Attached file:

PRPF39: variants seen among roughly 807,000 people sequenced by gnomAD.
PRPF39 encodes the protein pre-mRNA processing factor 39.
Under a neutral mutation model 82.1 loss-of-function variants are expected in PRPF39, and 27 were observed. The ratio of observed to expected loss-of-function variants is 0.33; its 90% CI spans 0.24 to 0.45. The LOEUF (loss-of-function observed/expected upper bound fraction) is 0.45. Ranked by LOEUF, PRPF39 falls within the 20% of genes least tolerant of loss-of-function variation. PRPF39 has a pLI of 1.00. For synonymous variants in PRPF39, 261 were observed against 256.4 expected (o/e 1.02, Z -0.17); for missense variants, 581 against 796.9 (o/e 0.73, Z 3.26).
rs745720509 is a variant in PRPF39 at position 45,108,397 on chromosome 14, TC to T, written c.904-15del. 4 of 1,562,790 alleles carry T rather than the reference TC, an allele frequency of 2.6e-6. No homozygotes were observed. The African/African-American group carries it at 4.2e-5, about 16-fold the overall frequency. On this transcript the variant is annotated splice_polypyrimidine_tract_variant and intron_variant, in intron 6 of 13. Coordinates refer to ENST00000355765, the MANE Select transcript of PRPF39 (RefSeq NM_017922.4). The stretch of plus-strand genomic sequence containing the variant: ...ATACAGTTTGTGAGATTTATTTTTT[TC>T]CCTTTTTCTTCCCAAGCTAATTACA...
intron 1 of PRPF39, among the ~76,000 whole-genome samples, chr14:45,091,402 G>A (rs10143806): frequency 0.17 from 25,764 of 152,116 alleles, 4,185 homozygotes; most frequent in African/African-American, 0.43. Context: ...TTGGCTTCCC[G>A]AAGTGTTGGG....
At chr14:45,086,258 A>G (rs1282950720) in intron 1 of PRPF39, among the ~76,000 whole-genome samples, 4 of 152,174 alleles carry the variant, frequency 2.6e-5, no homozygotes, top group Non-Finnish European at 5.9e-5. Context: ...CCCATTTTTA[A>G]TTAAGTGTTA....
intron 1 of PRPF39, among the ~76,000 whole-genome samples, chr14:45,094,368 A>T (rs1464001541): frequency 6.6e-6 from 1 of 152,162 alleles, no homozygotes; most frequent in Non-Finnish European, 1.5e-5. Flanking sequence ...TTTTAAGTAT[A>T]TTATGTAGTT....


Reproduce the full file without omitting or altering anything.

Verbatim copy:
PRPF39: variants seen among roughly 807,000 people sequenced by gnomAD.
PRPF39 encodes the protein pre-mRNA processing factor 39.
Under a neutral mutation model 82.1 loss-of-function variants are expected in PRPF39, and 27 were observed. The ratio of observed to expected loss-of-function variants is 0.33; its 90% CI spans 0.24 to 0.45. The LOEUF (loss-of-function observed/expected upper bound fraction) is 0.45. Ranked by LOEUF, PRPF39 falls within the 20% of genes least tolerant of loss-of-function variation. PRPF39 has a pLI of 1.00. For synonymous variants in PRPF39, 261 were observed against 256.4 expected (o/e 1.02, Z -0.17); for missense variants, 581 against 796.9 (o/e 0.73, Z 3.26).
rs745720509 is a variant in PRPF39 at position 45,108,397 on chromosome 14, TC to T, written c.904-15del. 4 of 1,562,790 alleles carry T rather than the reference TC, an allele frequency of 2.6e-6. No homozygotes were observed. The African/African-American group carries it at 4.2e-5, about 16-fold the overall frequency. On this transcript the variant is annotated splice_polypyrimidine_tract_variant and intron_variant, in intron 6 of 13. Coordinates refer to ENST00000355765, the MANE Select transcript of PRPF39 (RefSeq NM_017922.4). The stretch of plus-strand genomic sequence containing the variant: ...ATACAGTTTGTGAGATTTATTTTTT[TC>T]CCTTTTTCTTCCCAAGCTAATTACA...
intron 1 of PRPF39, among the ~76,000 whole-genome samples, chr14:45,091,402 G>A (rs10143806): frequency 0.17 from 25,764 of 152,116 alleles, 4,185 homozygotes; most frequent in African/African-American, 0.43. Context: ...TTGGCTTCCC[G>A]AAGTGTTGGG....
At chr14:45,086,258 A>G (rs1282950720) in intron 1 of PRPF39, among the ~76,000 whole-genome samples, 4 of 152,174 alleles carry the variant, frequency 2.6e-5, no homozygotes, top group Non-Finnish European at 5.9e-5. Context: ...CCCATTTTTA[A>G]TTAAGTGTTA....
intron 1 of PRPF39, among the ~76,000 whole-genome samples, chr14:45,094,368 A>T (rs1464001541): frequency 6.6e-6 from 1 of 152,162 alleles, no homozygotes; most frequent in Non-Finnish European, 1.5e-5. Flanking sequence ...TTTTAAGTAT[A>T]TTATGTAGTT....